One of the proudest moments in trucking history was when OOIDA members and thousands of other truckers voiced their opposition to the Mexican Border Pilot Program several years ago and brought it to a screeching halt. Truckers jammed email inboxes, switchboards and mailboxes of senators and congressmen throughout Washington D.C. While recent activity by the president and congress has allowed the program to restart, for that one glorious time, truckers came together and accomplished their goal.
Before the above though, and sadly after, truckers seem not able to agree as a whole to anything, strikes are spoken of, but die due to lack of interest and of course the legal ramifications of striking are great. Comment sections on proposed rule makings by the FMCSA remain thinly used other than by special interest groups and a few die-hard activists in the industry. Truckers mainly do not think about how a new rule or regulation will affect their brother or sister drivers only about how it will affect them. At OOIDA, who is the only lobbying association for American truck drivers, member numbers remain stagnant because people cannot see the bigger picture that OOIDA has and is working for and truckers remain divided by their niche in the industry and their personal opinions and agendas.
Politicians depend on the diversity of truckers and their lack of cohesiveness to pass regulation after regulation to tamp down the ability of the American trucker to survive. The politicians know that truckers for the most part go about their isolated lives and rarely do more than bitch and moan about a new rule or regulation. The politicians both state and federal also know that more regulations means more money from the cash cow of trucking for their state or the federal coffers either by fines or by being able to grow the size of government and get more money from special interest groups. Furthermore, by supporting special interest groups by regulating the trucking industry with their bad image, politicians gain favor in the public’s eyes that are taught to fear truckers and be re-elected to office.
There are roughly 3.5 million commercial drivers in America; the noise that they could make would wake the wicked witch of the west from the dead if they all spoke together against the injustice dealt them in overwhelming regulations and company policies that are unhealthy, unsafe, or detrimental to the driver. The deck is stacked against a strike being allowed to happen and history shows strikes ineffective, but there are other ways to garner the attention of the powers that be.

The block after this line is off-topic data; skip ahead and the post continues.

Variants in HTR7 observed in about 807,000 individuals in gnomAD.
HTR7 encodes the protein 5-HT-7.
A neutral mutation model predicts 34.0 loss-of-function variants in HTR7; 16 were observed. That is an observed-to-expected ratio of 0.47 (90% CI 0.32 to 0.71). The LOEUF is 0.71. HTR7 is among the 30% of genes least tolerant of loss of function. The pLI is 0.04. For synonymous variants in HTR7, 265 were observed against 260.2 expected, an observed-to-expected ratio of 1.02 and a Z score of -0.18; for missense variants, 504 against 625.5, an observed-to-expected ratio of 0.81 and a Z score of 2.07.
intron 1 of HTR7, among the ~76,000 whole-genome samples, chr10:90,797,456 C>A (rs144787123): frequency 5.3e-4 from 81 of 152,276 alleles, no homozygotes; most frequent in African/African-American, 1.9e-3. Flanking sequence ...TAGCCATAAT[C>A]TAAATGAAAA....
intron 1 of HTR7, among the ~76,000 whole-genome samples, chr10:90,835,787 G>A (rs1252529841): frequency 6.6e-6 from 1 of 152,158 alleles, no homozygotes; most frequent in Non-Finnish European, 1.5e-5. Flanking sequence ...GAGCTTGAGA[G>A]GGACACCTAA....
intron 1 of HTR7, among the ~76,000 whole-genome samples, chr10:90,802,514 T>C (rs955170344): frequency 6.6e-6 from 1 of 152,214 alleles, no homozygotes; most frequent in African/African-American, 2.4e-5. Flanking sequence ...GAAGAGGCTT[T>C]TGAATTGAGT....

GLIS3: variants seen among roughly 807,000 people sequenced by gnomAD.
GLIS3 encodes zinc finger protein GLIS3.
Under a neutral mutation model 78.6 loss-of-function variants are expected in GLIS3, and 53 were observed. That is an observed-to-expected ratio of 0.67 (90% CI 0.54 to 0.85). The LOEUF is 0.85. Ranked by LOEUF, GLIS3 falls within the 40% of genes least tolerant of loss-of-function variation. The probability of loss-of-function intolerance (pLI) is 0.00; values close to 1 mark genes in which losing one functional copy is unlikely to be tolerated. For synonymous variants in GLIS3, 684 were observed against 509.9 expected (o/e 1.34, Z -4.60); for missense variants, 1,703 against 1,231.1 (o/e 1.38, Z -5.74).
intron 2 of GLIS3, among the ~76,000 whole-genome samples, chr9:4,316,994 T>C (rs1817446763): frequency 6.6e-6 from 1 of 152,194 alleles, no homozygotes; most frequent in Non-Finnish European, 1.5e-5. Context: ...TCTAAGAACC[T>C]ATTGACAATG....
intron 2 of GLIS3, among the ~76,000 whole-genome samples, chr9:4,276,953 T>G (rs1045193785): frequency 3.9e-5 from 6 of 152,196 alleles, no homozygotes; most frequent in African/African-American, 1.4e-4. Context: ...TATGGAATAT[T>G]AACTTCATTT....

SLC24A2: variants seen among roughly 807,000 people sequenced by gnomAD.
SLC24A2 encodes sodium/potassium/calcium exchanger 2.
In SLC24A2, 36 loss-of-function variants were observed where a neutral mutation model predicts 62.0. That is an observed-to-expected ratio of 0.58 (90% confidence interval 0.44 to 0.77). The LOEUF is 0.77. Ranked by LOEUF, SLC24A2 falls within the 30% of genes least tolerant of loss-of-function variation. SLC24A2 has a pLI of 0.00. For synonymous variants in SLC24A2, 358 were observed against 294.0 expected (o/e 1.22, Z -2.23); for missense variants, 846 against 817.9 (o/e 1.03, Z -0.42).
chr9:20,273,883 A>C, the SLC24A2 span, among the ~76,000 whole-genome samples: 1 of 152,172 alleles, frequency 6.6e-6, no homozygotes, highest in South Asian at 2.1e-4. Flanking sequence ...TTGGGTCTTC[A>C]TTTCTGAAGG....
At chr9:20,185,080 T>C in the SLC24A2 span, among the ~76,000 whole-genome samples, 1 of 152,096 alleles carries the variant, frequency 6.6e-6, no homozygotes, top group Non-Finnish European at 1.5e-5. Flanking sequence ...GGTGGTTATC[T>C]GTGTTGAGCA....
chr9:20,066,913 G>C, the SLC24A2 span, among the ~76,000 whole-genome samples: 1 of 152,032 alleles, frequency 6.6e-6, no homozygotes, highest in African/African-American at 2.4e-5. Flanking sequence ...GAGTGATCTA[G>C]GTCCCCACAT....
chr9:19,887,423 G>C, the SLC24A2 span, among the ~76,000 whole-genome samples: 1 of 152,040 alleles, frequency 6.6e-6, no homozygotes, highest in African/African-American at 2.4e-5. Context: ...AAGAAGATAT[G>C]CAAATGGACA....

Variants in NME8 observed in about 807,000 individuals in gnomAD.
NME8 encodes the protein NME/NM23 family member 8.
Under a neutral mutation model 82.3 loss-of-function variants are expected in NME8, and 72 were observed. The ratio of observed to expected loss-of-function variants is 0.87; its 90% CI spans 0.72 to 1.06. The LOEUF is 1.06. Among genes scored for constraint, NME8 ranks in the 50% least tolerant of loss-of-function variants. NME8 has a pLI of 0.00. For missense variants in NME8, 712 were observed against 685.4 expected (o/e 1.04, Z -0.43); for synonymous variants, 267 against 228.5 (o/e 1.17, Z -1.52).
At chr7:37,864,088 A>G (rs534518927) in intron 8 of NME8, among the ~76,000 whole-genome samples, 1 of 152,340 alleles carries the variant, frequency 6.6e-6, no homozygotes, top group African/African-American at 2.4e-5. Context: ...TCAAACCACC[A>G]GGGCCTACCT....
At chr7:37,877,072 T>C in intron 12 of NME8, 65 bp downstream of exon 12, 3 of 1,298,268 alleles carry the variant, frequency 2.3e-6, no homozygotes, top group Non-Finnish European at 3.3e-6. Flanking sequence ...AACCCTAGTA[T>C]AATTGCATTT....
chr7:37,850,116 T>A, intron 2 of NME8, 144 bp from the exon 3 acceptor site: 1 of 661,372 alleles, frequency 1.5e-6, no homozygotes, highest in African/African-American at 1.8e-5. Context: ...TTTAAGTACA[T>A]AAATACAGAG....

Learn to look at any issue with an open mind and consider how it will affect all drivers, not just you.
Register to vote if you are not already and then vote.
Join OOIDA, the dues are only $25.00 for the first year and $45.00 after that. With membership, you receive some good benefits; easily keep up with political issues that affect you as a driver and you can add your voice to others’ to be heard clearly in Washington D.C. There is power in numbers.
Put in your comments to proposed rule making during the comments time. The FMCSA does not make this easy, if you do not understand how to do this, OOIDA or any number of trucker activists can assist you.
Write, call, or email your representatives about any issue concerning trucking. Be pleasant and civil, precise in your writing and clear in your position. Always mention that you are a voter, include your full name, address and contact information. (You do not have to be a published author to be effective in contacting you representatives, just talk to them as you would want them to talk to you and be clear.)
Educate yourself about the facts of an issue, leave the sensationalism out and then help educate other drivers; stick to the facts and encourage the other drivers to become involved.
The rusty squeaky tin man got oiled, Dorothy conquered the wicked witch to reach the Wizard and went home, the lion roared and truckers can get things done to stop the madness of overwhelming regulations if they stick together and speak out clearly and loudly. It worked once it can work again; truckers just have to squeak loudly enough.